The Belair Estate, some 1,700 acres consisting of a mansion, stables, horse property, and abundant meadowlands, came up for sale in 1957. Levitt and a number of other developers understood the great opportunity that existed in this remote location in the middle of nowhere. Developers knew the value of “nowhere” because Route 3 and the soon-to-be-opened John Hanson Highway (Route 50) were going to connect “nowhere” with Washington, Baltimore, and Annapolis. There would be phenomenal growth in this region in the years to follow. There would also be incredible memories for those fortunate enough to grow up here.
The Belair Estate was a developer’s gold mine. There was a bitter legal dispute between Levitt & Sons and the sellers. Levitt was the successful bidder—yet—because the seller didn’t care for Levitt’s plan for the land, chose to sell to a lower bidder despite Levitt being the highest bidder. Levitt tied up the sale in court, which resulted in a second bidding war and Levitt’s successful bid.
Levitt got his Belair.
Bill Levitt had an appreciation for the history of the Belair Estate and for Laurel— Maryland’s Montpelier estate nine miles away. He had a terrific plan for his Belair At Bowie, and later—Montpelier with more upscale homes in the late 1960s. There would be carefully thought out sections, parks and recreation sites, pools and tennis courts, churches, community centers, and shopping much as he’d done in other Levitt communities. Levitt would keep the Belair mansion and the property intact, then, ultimately give this historical property to the City of Bowie for one dollar in 1964.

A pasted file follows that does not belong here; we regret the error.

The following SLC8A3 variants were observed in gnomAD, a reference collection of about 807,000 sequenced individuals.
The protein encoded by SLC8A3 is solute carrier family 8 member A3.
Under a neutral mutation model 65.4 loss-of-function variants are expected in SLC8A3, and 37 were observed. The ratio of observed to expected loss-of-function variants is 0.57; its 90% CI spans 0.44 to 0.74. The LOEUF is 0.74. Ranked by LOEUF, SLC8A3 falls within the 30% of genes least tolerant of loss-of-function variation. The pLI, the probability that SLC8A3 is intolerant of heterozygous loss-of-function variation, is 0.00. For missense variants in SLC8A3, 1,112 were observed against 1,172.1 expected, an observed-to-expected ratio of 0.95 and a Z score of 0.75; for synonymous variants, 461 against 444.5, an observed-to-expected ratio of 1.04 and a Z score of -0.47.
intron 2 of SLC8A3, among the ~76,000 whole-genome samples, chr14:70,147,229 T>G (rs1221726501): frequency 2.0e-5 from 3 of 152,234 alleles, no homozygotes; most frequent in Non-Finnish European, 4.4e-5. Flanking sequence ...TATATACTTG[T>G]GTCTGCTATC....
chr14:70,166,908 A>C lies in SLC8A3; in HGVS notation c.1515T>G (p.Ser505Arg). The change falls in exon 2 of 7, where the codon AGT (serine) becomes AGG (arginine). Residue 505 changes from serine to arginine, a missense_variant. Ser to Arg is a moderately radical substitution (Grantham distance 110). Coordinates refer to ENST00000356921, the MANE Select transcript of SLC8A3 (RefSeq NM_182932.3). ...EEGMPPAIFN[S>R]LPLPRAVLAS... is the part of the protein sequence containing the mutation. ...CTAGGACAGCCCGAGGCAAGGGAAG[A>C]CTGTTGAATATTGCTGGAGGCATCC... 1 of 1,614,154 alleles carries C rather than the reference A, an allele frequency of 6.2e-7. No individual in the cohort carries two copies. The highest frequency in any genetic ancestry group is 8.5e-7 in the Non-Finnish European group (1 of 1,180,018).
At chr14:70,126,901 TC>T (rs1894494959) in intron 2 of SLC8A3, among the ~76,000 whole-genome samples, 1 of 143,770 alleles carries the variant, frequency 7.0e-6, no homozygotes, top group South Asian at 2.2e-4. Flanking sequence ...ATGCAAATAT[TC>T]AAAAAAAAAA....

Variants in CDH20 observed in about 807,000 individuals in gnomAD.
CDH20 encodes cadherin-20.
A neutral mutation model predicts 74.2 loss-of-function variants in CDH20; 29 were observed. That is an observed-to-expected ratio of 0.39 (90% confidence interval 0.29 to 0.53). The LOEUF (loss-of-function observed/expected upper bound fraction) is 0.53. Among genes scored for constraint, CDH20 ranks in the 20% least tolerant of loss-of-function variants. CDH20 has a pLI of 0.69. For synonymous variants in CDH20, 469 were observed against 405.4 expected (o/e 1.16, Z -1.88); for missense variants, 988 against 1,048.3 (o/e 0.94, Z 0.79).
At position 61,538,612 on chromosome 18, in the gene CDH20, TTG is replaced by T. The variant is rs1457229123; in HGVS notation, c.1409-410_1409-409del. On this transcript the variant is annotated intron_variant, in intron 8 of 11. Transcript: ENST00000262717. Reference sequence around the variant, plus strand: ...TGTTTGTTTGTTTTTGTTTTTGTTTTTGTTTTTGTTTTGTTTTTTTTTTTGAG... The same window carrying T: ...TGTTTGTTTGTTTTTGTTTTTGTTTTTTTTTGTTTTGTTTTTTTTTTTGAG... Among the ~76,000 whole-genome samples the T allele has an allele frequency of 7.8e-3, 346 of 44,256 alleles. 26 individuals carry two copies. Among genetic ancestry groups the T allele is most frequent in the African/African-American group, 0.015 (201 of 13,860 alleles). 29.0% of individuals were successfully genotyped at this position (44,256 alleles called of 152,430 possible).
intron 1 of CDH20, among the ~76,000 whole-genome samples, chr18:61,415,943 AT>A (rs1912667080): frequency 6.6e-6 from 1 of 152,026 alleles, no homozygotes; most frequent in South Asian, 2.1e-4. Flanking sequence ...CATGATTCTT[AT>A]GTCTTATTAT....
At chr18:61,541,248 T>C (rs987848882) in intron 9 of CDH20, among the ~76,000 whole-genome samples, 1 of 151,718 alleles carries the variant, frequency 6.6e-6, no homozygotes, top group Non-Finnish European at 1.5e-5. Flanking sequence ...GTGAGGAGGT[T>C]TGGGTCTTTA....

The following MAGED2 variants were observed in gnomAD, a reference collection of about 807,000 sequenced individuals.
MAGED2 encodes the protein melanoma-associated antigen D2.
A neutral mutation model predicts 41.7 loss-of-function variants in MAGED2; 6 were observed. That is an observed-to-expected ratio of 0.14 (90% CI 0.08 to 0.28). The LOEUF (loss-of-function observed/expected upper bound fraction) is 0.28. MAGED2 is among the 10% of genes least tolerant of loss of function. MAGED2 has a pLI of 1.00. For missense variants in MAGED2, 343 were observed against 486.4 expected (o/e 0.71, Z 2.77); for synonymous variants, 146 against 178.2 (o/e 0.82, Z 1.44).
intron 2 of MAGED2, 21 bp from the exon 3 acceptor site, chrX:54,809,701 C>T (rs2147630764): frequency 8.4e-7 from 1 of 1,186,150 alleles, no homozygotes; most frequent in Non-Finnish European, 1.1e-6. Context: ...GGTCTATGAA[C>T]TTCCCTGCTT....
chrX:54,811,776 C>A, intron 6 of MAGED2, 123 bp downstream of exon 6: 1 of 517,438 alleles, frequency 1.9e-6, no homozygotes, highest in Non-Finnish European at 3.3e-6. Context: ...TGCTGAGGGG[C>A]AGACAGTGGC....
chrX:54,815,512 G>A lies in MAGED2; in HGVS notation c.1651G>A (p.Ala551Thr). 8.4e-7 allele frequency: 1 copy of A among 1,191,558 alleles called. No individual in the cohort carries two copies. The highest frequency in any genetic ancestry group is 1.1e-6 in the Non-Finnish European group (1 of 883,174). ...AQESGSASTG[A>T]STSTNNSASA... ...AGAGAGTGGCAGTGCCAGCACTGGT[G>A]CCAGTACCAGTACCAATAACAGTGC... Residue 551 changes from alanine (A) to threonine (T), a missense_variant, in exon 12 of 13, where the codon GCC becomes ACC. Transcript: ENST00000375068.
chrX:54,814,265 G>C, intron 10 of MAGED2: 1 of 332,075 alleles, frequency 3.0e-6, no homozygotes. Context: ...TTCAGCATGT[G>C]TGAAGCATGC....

This is where Belair’s official history ends and the unofficial begins.
Kids who grew up in Levitt communities understand what growing up “Levitt” meant. Boomers have kept the memories close for more than 70 years. From Levittown, New York to all Levitt communities beyond, there was something extraordinary about growing up Levitt. Belair At Bowie, like other Levitt communities, was a wonderful place to grow up. It was isolated and all we had to count on was each other. There was a strong sense of community. Historians said Levitt was building suburban slums. The skeptics also said Levitt homes wouldn’t last 50 years.
I beg to differ.
So do untold thousands of other boomers who remember what it was like to grow up Levitt. Levittown, New York and Pennsylvania, like Belair At Bowie, have strong boomer followings. There are civic organizations and social media pages dedicated to Levitt community memories—relationships that go back three quarters of a century.
Talk about staying power?
My Belair At Bowie street, Chesney Lane in the Chapel Forge section, like thousands of others, was alive with screaming kids having a good time playing every sport imaginable until the streetlights came on. Kick Ball. Soft Ball. Football. Dodge Ball. The clatter of bicycles fitted with playing cards. Lemonade stands. Carnivals. Birthday parties. Block parties in the heat and humidity of August right before we went back to school. The aroma of hot charcoal with hot dogs and hamburgers. Our memories of each other and our Belair At Bowie remain strong 60 years later.